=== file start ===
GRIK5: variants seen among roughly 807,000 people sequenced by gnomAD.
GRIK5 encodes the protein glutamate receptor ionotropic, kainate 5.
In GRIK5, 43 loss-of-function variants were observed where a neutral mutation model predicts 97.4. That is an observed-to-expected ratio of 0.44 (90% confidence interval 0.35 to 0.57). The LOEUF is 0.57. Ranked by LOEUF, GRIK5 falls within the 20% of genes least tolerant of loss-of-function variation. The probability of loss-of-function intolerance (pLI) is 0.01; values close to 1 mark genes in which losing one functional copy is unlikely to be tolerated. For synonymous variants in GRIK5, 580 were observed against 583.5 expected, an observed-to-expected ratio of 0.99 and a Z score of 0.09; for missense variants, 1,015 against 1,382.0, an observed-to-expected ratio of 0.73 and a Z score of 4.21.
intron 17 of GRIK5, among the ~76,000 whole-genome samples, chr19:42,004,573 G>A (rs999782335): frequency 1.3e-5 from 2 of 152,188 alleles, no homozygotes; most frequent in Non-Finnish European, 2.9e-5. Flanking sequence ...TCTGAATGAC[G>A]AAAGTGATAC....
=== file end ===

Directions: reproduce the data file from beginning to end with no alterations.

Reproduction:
GRIK5: variants seen among roughly 807,000 people sequenced by gnomAD.
GRIK5 encodes the protein glutamate receptor ionotropic, kainate 5.
In GRIK5, 43 loss-of-function variants were observed where a neutral mutation model predicts 97.4. That is an observed-to-expected ratio of 0.44 (90% confidence interval 0.35 to 0.57). The LOEUF is 0.57. Ranked by LOEUF, GRIK5 falls within the 20% of genes least tolerant of loss-of-function variation. The probability of loss-of-function intolerance (pLI) is 0.01; values close to 1 mark genes in which losing one functional copy is unlikely to be tolerated. For synonymous variants in GRIK5, 580 were observed against 583.5 expected, an observed-to-expected ratio of 0.99 and a Z score of 0.09; for missense variants, 1,015 against 1,382.0, an observed-to-expected ratio of 0.73 and a Z score of 4.21.
intron 17 of GRIK5, among the ~76,000 whole-genome samples, chr19:42,004,573 G>A (rs999782335): frequency 1.3e-5 from 2 of 152,188 alleles, no homozygotes; most frequent in Non-Finnish European, 2.9e-5. Flanking sequence ...TCTGAATGAC[G>A]AAAGTGATAC....